I love how these stories are overlapping and intertwining, each new one going back to the previous ones, and tying them all together! Can’t wait to get to Simone’s story—The Whispering Winds of Spring#May2018

 

“I’ve always had voices—er, stories in my head. I once said I should write them all down so someone could write them someday. I had no idea at the time that someone was me!”

 

 

http://robinemason.com

https://robinsnest212.wordpress.com/

https://www.facebook.com/pages/Robin-E-Mason-Author-Artist/224223274404877
http://www.amazon.com/Robin-E.-Mason/e/B00MR5IQ9S
https://twitter.com/amythyst212
http://www.pinterest.com/amythyst212/

https://plus.google.com/u/0/108929134414473292325

https://www.goodreads.com/author/show/7808042.Robin_E_Mason

 

 

“the battle for identity, one story at a time”

 

 

 

#Blogwords, Special Edition, #RemOctWriMo, Seasons, The Long Shadows of Summer, The Tilting Leaves of Autumn, The Silent Song of Winter, The Whispering Woods of Spring

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BLOGWORDS – Tuesday 24 October 2017 – TUESDAY REVIEWS-DAY – NEW RELEASE FEATURE – THE SORROW STONE by J.A. MCLACHLAN

TUESDAY REVIEWS-DAY – RELEASE DAY FEATURE – THE SORROW STONE by J.A. MCLACHLAN

                                                                             

What if you could sell your sorrow?
During the middle ages, a mother mourning the death of her child believed she could “sell her sorrow” by selling a nail from her child’s coffin to a traveling peddler.
Lady Celeste is overwhelmed with grief when her infant son dies. Desperate to find relief, she escapes the convent where her husband has sent her to recover and begs a passing peddler to buy her sorrow. Jean, the cynical peddler she meets, is nobody’s fool; he does not believe in superstitions and insists Celeste include the valuable ruby ring on her finger along with the nail in return for his coin.
When Celeste learns that without her wedding ring her husband may set her aside, she determines to retrieve it—without reclaiming her sorrow. But how will she find the peddler and convince him to give up the precious ruby ring?

 

The thud of stones meeting flesh filled his ears. He felt, in his own body, the hot, burning pain as each one hit, tearing the thin fabric of her shift, digging into her bruised and bleeding flesh. It should be him there, not her. He could not move, speak, breathe…

Something shoved up against his leg. His breath emerged in a gasp.

“Mama!”

A girl of five or six squeezed past him. She pushed her way through the crowd till she reached the front, crying all the while, “Mama! Mama!”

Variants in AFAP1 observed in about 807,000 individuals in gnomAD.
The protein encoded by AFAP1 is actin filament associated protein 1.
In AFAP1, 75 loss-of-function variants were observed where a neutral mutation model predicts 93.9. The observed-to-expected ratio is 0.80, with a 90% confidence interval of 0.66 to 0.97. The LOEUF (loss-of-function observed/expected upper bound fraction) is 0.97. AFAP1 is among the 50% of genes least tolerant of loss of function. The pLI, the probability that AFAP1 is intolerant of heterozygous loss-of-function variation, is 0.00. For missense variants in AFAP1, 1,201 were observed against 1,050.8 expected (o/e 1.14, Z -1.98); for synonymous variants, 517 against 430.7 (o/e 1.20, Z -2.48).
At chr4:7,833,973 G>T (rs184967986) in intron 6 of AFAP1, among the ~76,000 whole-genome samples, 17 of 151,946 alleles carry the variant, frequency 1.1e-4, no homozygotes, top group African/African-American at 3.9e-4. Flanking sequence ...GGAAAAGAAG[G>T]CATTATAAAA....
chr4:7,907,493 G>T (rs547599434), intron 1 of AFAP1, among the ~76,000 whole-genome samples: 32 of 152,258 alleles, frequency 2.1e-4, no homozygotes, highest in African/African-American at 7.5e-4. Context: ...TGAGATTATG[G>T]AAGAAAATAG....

The woman’s face was hidden, covered by her hair. The air was thick with stones. Again and again they struck her, but still she did not cry out.

“Mama!” the child screamed again.

The woman looked up.

“Mama!” She sprinted across the open ground. A stone whizzed past her ear. A second hit her back, flinging her to the ground.

The woman cried out then, a wild, animal shriek. It echoed, hideous and compelling, across the square.

She would be killed! The horror of it swept over Jean as he stared at the fallen child. No! He could not bear that! He shoved his way through the crowd, unable to look away from the woman, unable to escape the terror in her eyes as she strained against her bonds, struggling to reach the child sprawled on the ground. She shrieked again, a high, keening noise. Jean gritted his teeth to keep from screaming with her.

At the edge of the crowd he stopped. What was he doing? What in the name of Heaven had come over him?

Then the child moaned and the woman screamed again and Jean ran forward, unable to stop himself. The little girl tried to roll over as Jean reached her. He was no longer looking at the woman, but he felt her strain toward him as he bent down and scooped up the child.

A stone struck the side of his head as he straightened. He staggered, almost dropping the child. He regained his footing and turned to race back to the safety of the crowd.

“The adulterer!” a man cried.

Other voices took up the cry. He stepped forward, but the gap in the crowd where he had pushed through to get to the child had closed against him. A second stone hit his arm. There could be no mistaking that this one was meant for him. He saw the metal smith among the crowd, his arm drawn back, aiming. As Jean watched, he flung his stone.

It hit Jean’s shoulder with a stinging blow that took his breath away. He crouched over the child, holding her tightly to him, more aware of the woman’s anguished cries behind him and the child’s terror than his own pain. Two more stones came flying at him; one missed its mark but the other hit the child’s leg. She screamed and twisted, trying to burrow into him. A third stone hit her cheek, drawing blood. He wrapped both arms around her, leaving his own head exposed as he searched for an opening in the crowd.

 

 

rem:   Hullo Jane Ann, and congratulations on your new story! If you could live anywhere in any time period, where would you go?

JANE ANN:  If we’re talking “live”, I’d stay right here. I think we have it pretty good right now in Canada, and besides, all the people I love are here. I write very realistic, researched historical fiction of the Middle Ages. No one who is used to 21st Century comfort, health care, and hygiene would want to live there. But I wouldn’t mind a short visit to any number of eras.